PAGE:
February 22, 2022
According to McKinsey & Company’s 2018 article, 80% of companies have attempted digital transformation, but a whopping 70% of such efforts have failed. These failures almost invariably manifest themselves as missed schedules, missed budgets, and missed outcomes, and so it is only fair that both purveyors and providers focus heavily on estimation. An organization's collective ability to estimate whether they can meet the target around a desired business outcome by a certain time using the resources and people that they have at their disposal, determines whether they will meet or miss their commitment of digital transformation.
One has to take a peek into the inner workings of large IT consulting companies to see how much investment is made into "estimation accuracy", yet for all that effort and attention, less than a third of the estimates are ultimately accurate. For the other two thirds we often hear the stereotypical consulting excuse of “the customer changed the scope”, and the more recent version of this excuse “the customer did not provide a mature product owner”.
The problems that software engineering is primarily being used to address today are “wicked problems”, which are defined as limitless […] Yet the IT consulting industry continues to use archaic estimation approaches.
The problem is not with the focus on estimation, or even estimation accuracy per se, it is how we approach estimation philosophically. The science of project estimation was introduced into the world of software engineering in the 1960s, when computers were being used for the first time to automate well-defined and well-regulated business and industrial processes. Half a century later, information technology is being used to enable innovation, whether in the form of born-in-the-cloud startups solving the hardest problems facing humanity or legacy organizations seeking digital transformation to stay relevant in the face of radical change. The problems that software engineering is primarily being used to address today are "wicked problems", which are defined as limitless and cannot be described exhaustively. Yet, the IT consulting industry continues to use archaic estimation approaches intended at one time to computerize paper ledgers and mechanical assembly lines, even though it is well established that such an estimation process will mathematically tend to infinity.
We do not know for sure why the IT consulting industry chooses to do this, often as a "best practice". However, our decades of experience in the IT consulting industry have given us plenty of opportunities to observe the incentives that normalize this behavior. The established business model of this industry is based on monetizing human effort, so there is about as much incentive to limit human effort (consulting hours) as there is for an automotive company to sell fewer vehicles or for a beverage company to sell fewer drinks.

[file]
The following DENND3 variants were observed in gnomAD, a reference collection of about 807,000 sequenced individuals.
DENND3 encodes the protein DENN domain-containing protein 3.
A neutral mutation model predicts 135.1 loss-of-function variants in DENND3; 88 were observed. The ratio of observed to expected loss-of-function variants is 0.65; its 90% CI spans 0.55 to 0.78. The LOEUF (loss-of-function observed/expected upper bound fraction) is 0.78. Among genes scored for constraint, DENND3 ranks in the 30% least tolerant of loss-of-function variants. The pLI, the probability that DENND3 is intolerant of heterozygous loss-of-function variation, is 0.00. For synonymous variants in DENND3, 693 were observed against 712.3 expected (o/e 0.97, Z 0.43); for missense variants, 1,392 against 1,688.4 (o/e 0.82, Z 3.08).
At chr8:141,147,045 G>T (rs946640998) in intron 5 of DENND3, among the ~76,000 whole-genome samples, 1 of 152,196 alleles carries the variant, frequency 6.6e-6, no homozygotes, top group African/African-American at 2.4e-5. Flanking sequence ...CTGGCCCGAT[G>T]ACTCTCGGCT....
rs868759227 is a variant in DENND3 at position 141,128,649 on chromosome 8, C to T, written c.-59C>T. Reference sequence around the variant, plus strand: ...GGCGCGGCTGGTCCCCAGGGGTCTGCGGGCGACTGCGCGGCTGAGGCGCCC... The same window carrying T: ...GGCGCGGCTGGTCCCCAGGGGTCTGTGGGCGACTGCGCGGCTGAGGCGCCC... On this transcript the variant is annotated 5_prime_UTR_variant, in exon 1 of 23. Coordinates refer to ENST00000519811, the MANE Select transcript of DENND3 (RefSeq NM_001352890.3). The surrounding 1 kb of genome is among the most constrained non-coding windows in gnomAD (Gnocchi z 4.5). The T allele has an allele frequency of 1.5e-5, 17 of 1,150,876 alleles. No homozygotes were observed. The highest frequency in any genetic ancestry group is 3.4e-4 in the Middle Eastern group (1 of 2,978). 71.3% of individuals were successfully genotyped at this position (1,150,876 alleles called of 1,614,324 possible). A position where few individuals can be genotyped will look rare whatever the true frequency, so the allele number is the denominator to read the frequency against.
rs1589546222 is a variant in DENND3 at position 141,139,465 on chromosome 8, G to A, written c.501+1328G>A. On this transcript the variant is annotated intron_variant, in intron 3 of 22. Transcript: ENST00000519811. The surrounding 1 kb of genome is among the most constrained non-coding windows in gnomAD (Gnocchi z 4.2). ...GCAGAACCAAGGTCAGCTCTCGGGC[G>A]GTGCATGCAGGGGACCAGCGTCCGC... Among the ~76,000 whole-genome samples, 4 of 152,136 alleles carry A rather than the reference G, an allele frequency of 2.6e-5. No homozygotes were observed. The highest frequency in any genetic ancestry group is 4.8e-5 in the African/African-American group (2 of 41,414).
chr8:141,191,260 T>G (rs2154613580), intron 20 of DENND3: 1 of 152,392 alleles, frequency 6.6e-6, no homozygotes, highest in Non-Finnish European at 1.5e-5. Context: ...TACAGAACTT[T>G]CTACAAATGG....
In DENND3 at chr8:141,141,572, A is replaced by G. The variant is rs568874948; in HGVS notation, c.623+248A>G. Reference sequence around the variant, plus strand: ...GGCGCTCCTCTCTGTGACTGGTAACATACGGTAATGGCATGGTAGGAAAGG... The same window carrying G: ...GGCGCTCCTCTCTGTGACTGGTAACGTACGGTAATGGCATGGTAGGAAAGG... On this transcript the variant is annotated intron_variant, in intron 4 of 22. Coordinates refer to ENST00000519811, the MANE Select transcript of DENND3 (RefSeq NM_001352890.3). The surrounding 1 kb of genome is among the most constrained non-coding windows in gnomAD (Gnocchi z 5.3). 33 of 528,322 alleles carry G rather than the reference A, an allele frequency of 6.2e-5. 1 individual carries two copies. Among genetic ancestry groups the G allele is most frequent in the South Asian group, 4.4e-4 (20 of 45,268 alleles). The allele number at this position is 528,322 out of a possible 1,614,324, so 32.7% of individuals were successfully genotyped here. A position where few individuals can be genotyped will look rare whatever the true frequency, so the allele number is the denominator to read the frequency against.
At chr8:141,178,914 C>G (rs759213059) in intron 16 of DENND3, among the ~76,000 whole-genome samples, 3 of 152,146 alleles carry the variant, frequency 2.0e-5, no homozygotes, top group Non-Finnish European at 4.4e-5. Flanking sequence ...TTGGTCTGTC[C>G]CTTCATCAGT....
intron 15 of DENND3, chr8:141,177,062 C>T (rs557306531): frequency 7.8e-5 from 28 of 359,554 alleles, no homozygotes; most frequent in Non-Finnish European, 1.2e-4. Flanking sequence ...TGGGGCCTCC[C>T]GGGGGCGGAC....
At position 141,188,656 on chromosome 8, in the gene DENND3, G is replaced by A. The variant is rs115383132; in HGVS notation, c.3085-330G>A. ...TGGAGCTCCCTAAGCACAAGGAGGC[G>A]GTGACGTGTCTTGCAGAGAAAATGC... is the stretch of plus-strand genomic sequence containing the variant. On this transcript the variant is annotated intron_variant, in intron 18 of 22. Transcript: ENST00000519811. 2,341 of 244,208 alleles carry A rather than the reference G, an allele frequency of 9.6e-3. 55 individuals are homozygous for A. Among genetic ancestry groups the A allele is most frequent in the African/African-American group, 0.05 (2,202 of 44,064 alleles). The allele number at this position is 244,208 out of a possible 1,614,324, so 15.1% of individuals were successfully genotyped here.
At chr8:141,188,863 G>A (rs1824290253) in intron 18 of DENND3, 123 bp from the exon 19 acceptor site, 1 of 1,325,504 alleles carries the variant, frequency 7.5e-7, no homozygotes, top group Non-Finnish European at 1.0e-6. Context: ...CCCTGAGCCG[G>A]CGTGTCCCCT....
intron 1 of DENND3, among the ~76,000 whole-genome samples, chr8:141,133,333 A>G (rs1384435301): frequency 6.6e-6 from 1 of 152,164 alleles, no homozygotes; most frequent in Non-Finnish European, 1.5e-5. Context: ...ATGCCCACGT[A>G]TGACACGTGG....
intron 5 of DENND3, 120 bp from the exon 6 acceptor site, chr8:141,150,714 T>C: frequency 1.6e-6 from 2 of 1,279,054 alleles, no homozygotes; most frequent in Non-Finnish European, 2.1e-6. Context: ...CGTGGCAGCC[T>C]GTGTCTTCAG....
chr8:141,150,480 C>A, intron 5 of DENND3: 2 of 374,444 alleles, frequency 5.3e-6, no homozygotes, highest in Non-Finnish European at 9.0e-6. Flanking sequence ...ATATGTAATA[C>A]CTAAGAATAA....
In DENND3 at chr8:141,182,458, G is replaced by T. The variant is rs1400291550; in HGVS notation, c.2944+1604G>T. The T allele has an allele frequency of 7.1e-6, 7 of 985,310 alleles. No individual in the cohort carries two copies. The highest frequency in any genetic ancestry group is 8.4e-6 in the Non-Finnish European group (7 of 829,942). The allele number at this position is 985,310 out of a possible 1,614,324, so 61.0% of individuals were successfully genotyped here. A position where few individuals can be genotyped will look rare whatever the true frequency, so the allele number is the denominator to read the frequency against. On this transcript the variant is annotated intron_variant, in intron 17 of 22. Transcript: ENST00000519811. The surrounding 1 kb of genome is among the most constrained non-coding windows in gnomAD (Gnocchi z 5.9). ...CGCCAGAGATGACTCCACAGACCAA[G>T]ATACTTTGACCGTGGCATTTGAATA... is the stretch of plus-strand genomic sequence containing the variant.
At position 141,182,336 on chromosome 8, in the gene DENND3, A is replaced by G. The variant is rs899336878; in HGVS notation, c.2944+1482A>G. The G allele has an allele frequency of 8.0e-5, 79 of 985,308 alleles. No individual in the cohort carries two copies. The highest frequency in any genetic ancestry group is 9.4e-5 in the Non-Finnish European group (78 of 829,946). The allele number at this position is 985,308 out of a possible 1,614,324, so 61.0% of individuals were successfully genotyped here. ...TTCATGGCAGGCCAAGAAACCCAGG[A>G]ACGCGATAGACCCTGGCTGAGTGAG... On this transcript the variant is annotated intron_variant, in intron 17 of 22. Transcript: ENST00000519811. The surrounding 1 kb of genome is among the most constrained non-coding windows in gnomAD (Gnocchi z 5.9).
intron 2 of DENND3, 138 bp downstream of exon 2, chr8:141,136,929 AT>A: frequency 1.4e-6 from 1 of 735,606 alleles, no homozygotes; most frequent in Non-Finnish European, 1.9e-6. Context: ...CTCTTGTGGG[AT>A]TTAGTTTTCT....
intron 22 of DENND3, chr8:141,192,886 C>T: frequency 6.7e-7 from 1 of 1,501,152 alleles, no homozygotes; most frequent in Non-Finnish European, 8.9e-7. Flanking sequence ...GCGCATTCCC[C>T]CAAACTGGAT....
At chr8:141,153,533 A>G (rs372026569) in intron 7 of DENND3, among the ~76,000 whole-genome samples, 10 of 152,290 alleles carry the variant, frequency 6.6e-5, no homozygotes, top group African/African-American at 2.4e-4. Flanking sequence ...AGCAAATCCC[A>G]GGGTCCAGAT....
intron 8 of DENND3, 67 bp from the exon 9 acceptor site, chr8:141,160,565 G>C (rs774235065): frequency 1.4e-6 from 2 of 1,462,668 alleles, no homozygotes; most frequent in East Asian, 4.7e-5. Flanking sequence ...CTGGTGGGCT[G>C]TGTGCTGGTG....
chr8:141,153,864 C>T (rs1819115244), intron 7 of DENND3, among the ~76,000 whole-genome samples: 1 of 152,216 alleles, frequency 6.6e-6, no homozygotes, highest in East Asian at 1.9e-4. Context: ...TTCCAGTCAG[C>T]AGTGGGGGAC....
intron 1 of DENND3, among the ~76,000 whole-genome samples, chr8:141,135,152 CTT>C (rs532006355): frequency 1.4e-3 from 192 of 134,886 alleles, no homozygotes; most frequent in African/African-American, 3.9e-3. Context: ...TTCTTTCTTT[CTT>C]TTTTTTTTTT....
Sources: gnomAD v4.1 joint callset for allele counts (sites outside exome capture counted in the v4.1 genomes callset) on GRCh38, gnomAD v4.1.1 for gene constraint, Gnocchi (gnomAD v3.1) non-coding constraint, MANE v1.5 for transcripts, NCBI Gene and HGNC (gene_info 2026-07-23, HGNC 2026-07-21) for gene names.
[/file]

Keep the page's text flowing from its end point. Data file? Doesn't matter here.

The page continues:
The founders of Caravel Labs were horrified to see the effects of this practice across the industry, and creating an alternative, was one of the motivations for them to build Caravel Labs. For starters, we decided to reduce the fundamental divergence in the interests of the customer and consulting company, by tying a significant portion of our consulting fees directly to the usage of the software produced. This creates a real partnership between our consulting teams and our customers to build the most effective and efficacious solution in the most efficient way possible. It creates the incentive for us to truly value, and therefore monitor usage patterns through telemetry, so that we can actively participate in product management decisions that increase user adoption.
By refocusing on business outcomes, our new approach to software estimation is summarized as:
Understand the target as a desired business outcome to be achieved by a certain date
Identify the smallest engineering team that can deliver with all the necessary tools, automation, and empowerment to deliver incrementally and continuously
Embrace change and innovation: re-evaluate features needed to meet desired business outcome, and re-estimate continuously to stay on target
Each of these parts have enough content to carry their own articles. But let’s take a quick look at each.
The value of software is not in the number or complexity of features it has, but in its ability to eliminate tedious and error-prone manual processes for the users that takes away valuable time away from the creative work that they are truly meant to perform in order to achieve the intended business outcome on time. While the number of features and their complexity are important, the context in they provide value to their users is critical. After all, features don’t achieve business outcome, the users do. Therefore, we start with understanding the desired business outcome and the target date for this outcome, and then use this understanding to identify the minimum set of elegant features that can be robustly implemented to aid the users in achieving the outcome within the target timeframe.